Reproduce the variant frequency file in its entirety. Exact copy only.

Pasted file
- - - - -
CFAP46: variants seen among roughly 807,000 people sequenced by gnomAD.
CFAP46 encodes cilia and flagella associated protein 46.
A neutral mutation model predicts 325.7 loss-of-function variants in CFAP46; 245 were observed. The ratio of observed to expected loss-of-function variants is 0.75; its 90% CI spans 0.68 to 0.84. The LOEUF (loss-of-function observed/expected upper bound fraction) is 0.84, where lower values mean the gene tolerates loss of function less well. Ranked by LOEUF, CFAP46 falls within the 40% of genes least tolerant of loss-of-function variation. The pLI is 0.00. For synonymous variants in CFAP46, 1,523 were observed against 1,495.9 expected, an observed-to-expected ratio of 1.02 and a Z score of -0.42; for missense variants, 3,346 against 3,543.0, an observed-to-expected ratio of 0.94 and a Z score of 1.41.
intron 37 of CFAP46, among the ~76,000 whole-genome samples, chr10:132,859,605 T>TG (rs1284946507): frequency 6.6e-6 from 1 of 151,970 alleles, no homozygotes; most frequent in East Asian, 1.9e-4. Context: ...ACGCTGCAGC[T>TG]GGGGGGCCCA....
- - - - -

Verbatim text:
CFAP46: variants seen among roughly 807,000 people sequenced by gnomAD.
CFAP46 encodes cilia and flagella associated protein 46.
A neutral mutation model predicts 325.7 loss-of-function variants in CFAP46; 245 were observed. The ratio of observed to expected loss-of-function variants is 0.75; its 90% CI spans 0.68 to 0.84. The LOEUF (loss-of-function observed/expected upper bound fraction) is 0.84, where lower values mean the gene tolerates loss of function less well. Ranked by LOEUF, CFAP46 falls within the 40% of genes least tolerant of loss-of-function variation. The pLI is 0.00. For synonymous variants in CFAP46, 1,523 were observed against 1,495.9 expected, an observed-to-expected ratio of 1.02 and a Z score of -0.42; for missense variants, 3,346 against 3,543.0, an observed-to-expected ratio of 0.94 and a Z score of 1.41.
intron 37 of CFAP46, among the ~76,000 whole-genome samples, chr10:132,859,605 T>TG (rs1284946507): frequency 6.6e-6 from 1 of 151,970 alleles, no homozygotes; most frequent in East Asian, 1.9e-4. Context: ...ACGCTGCAGC[T>TG]GGGGGGCCCA....